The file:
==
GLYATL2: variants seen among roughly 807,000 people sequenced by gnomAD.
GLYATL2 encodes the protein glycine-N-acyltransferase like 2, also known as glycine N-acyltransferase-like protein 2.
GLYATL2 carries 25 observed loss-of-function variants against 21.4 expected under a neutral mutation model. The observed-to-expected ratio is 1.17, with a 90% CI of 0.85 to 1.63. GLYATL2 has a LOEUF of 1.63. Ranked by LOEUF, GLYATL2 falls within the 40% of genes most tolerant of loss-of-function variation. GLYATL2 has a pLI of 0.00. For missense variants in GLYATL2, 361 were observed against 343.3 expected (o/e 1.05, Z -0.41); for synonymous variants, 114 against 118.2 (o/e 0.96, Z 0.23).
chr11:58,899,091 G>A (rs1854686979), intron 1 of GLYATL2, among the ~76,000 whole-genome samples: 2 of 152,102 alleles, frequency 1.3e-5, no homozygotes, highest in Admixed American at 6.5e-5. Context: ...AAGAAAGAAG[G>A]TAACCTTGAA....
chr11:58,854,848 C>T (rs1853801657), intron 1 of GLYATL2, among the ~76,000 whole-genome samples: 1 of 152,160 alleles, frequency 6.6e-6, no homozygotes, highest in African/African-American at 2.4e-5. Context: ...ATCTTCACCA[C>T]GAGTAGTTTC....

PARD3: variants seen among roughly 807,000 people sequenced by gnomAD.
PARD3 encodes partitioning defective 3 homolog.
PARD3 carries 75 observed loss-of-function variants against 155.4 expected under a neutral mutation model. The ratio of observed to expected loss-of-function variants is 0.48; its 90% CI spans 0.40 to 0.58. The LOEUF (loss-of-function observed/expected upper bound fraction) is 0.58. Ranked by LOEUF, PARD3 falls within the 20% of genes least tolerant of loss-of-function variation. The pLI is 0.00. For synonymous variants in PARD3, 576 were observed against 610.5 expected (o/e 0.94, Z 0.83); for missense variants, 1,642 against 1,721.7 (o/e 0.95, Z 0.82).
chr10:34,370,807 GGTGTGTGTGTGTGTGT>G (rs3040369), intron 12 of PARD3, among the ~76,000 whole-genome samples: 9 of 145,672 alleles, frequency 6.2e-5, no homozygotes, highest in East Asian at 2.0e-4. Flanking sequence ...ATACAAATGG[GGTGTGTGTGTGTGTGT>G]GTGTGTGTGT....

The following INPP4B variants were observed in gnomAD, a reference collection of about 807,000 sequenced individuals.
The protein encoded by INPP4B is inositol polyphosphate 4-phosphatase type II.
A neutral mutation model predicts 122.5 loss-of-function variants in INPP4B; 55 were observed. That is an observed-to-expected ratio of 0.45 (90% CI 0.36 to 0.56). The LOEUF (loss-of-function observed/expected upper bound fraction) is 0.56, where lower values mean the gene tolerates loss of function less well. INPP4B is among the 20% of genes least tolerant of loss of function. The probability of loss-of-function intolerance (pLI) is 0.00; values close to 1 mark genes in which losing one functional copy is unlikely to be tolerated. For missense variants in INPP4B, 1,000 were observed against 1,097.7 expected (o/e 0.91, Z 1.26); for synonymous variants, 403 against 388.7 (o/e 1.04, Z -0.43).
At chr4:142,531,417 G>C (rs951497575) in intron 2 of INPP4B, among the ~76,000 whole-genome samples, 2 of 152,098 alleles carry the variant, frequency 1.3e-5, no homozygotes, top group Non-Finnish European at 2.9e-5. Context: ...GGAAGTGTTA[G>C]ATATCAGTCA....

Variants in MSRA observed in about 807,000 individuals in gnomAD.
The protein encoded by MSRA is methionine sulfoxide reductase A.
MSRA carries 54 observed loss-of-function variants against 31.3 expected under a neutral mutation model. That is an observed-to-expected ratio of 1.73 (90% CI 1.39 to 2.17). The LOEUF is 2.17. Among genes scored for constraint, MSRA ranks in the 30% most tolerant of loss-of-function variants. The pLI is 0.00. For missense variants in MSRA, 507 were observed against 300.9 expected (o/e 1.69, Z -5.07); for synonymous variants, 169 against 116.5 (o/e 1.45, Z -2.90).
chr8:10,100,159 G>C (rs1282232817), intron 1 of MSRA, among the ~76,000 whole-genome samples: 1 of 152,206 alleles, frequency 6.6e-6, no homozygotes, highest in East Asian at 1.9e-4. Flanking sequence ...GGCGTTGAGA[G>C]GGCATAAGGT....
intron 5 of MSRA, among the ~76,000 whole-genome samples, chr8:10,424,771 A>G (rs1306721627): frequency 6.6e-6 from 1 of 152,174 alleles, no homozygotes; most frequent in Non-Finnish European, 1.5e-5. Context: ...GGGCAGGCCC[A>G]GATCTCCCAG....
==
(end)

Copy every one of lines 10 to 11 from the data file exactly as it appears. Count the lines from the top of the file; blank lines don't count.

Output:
The following INPP4B variants were observed in gnomAD, a reference collection of about 807,000 sequenced individuals.
The protein encoded by INPP4B is inositol polyphosphate 4-phosphatase type II.